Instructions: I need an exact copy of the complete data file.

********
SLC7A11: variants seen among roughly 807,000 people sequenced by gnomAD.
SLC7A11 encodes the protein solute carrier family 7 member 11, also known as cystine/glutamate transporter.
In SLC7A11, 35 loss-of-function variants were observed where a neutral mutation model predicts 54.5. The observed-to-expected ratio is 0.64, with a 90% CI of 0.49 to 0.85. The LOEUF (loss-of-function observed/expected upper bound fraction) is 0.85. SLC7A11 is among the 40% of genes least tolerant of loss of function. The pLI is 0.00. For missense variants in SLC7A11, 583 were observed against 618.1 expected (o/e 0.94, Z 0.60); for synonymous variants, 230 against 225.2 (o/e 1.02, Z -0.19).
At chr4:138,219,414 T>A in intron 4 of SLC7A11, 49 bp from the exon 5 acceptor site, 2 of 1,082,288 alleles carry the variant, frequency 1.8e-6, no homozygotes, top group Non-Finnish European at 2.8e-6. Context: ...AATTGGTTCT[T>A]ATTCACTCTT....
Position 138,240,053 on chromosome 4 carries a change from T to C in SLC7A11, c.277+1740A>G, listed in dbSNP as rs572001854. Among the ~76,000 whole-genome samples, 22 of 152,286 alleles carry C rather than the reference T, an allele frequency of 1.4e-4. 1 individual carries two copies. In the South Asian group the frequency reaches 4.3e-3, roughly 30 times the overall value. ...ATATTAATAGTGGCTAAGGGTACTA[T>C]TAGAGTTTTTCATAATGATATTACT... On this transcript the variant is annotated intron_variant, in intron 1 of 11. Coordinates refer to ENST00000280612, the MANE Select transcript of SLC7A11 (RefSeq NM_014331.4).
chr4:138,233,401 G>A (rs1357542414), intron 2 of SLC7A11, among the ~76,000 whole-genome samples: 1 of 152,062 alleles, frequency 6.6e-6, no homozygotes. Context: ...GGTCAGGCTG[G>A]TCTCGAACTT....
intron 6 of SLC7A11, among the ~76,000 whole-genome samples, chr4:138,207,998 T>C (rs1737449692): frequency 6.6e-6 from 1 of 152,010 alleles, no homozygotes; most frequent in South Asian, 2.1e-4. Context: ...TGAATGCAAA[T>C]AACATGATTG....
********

SLC7A11: variants seen among roughly 807,000 people sequenced by gnomAD.
SLC7A11 encodes the protein solute carrier family 7 member 11, also known as cystine/glutamate transporter.
In SLC7A11, 35 loss-of-function variants were observed where a neutral mutation model predicts 54.5. The observed-to-expected ratio is 0.64, with a 90% CI of 0.49 to 0.85. The LOEUF (loss-of-function observed/expected upper bound fraction) is 0.85. SLC7A11 is among the 40% of genes least tolerant of loss of function. The pLI is 0.00. For missense variants in SLC7A11, 583 were observed against 618.1 expected (o/e 0.94, Z 0.60); for synonymous variants, 230 against 225.2 (o/e 1.02, Z -0.19).
At chr4:138,219,414 T>A in intron 4 of SLC7A11, 49 bp from the exon 5 acceptor site, 2 of 1,082,288 alleles carry the variant, frequency 1.8e-6, no homozygotes, top group Non-Finnish European at 2.8e-6. Context: ...AATTGGTTCT[T>A]ATTCACTCTT....
Position 138,240,053 on chromosome 4 carries a change from T to C in SLC7A11, c.277+1740A>G, listed in dbSNP as rs572001854. Among the ~76,000 whole-genome samples, 22 of 152,286 alleles carry C rather than the reference T, an allele frequency of 1.4e-4. 1 individual carries two copies. In the South Asian group the frequency reaches 4.3e-3, roughly 30 times the overall value. ...ATATTAATAGTGGCTAAGGGTACTA[T>C]TAGAGTTTTTCATAATGATATTACT... On this transcript the variant is annotated intron_variant, in intron 1 of 11. Coordinates refer to ENST00000280612, the MANE Select transcript of SLC7A11 (RefSeq NM_014331.4).
chr4:138,233,401 G>A (rs1357542414), intron 2 of SLC7A11, among the ~76,000 whole-genome samples: 1 of 152,062 alleles, frequency 6.6e-6, no homozygotes. Context: ...GGTCAGGCTG[G>A]TCTCGAACTT....
intron 6 of SLC7A11, among the ~76,000 whole-genome samples, chr4:138,207,998 T>C (rs1737449692): frequency 6.6e-6 from 1 of 152,010 alleles, no homozygotes; most frequent in South Asian, 2.1e-4. Context: ...TGAATGCAAA[T>C]AACATGATTG....